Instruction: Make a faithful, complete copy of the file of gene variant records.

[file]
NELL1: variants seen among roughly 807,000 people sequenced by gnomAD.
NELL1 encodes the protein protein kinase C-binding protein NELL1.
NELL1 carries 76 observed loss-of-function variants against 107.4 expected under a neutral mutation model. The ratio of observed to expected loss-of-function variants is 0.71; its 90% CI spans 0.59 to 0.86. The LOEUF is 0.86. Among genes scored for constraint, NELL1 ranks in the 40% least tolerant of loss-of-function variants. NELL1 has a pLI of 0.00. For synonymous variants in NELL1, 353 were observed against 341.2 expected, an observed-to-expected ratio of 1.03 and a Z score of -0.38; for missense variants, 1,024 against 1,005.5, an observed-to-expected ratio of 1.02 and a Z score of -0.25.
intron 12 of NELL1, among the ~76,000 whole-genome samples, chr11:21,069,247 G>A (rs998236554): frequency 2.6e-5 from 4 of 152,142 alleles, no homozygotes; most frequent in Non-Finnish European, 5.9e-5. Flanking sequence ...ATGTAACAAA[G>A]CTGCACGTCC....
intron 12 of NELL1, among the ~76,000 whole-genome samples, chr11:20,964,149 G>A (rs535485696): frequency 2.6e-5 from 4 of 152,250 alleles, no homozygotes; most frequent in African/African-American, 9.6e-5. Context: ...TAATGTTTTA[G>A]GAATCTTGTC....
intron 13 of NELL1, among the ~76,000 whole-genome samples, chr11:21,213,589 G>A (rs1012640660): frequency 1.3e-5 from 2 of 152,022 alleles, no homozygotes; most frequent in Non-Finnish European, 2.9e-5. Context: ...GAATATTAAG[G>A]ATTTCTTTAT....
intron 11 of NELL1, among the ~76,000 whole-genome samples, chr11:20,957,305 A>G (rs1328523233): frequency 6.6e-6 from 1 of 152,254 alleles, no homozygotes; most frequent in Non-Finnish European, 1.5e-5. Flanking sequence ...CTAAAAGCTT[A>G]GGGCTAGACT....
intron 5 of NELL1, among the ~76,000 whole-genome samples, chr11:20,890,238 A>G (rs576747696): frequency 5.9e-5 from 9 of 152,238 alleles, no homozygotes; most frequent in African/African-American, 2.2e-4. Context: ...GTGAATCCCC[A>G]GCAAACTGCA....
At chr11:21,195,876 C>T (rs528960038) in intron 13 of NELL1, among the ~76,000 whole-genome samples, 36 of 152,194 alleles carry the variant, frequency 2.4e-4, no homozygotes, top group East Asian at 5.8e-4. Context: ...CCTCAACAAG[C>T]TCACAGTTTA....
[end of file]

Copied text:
NELL1: variants seen among roughly 807,000 people sequenced by gnomAD.
NELL1 encodes the protein protein kinase C-binding protein NELL1.
NELL1 carries 76 observed loss-of-function variants against 107.4 expected under a neutral mutation model. The ratio of observed to expected loss-of-function variants is 0.71; its 90% CI spans 0.59 to 0.86. The LOEUF is 0.86. Among genes scored for constraint, NELL1 ranks in the 40% least tolerant of loss-of-function variants. NELL1 has a pLI of 0.00. For synonymous variants in NELL1, 353 were observed against 341.2 expected, an observed-to-expected ratio of 1.03 and a Z score of -0.38; for missense variants, 1,024 against 1,005.5, an observed-to-expected ratio of 1.02 and a Z score of -0.25.
intron 12 of NELL1, among the ~76,000 whole-genome samples, chr11:21,069,247 G>A (rs998236554): frequency 2.6e-5 from 4 of 152,142 alleles, no homozygotes; most frequent in Non-Finnish European, 5.9e-5. Flanking sequence ...ATGTAACAAA[G>A]CTGCACGTCC....
intron 12 of NELL1, among the ~76,000 whole-genome samples, chr11:20,964,149 G>A (rs535485696): frequency 2.6e-5 from 4 of 152,250 alleles, no homozygotes; most frequent in African/African-American, 9.6e-5. Context: ...TAATGTTTTA[G>A]GAATCTTGTC....
intron 13 of NELL1, among the ~76,000 whole-genome samples, chr11:21,213,589 G>A (rs1012640660): frequency 1.3e-5 from 2 of 152,022 alleles, no homozygotes; most frequent in Non-Finnish European, 2.9e-5. Context: ...GAATATTAAG[G>A]ATTTCTTTAT....
intron 11 of NELL1, among the ~76,000 whole-genome samples, chr11:20,957,305 A>G (rs1328523233): frequency 6.6e-6 from 1 of 152,254 alleles, no homozygotes; most frequent in Non-Finnish European, 1.5e-5. Flanking sequence ...CTAAAAGCTT[A>G]GGGCTAGACT....
intron 5 of NELL1, among the ~76,000 whole-genome samples, chr11:20,890,238 A>G (rs576747696): frequency 5.9e-5 from 9 of 152,238 alleles, no homozygotes; most frequent in African/African-American, 2.2e-4. Context: ...GTGAATCCCC[A>G]GCAAACTGCA....
At chr11:21,195,876 C>T (rs528960038) in intron 13 of NELL1, among the ~76,000 whole-genome samples, 36 of 152,194 alleles carry the variant, frequency 2.4e-4, no homozygotes, top group East Asian at 5.8e-4. Context: ...CCTCAACAAG[C>T]TCACAGTTTA....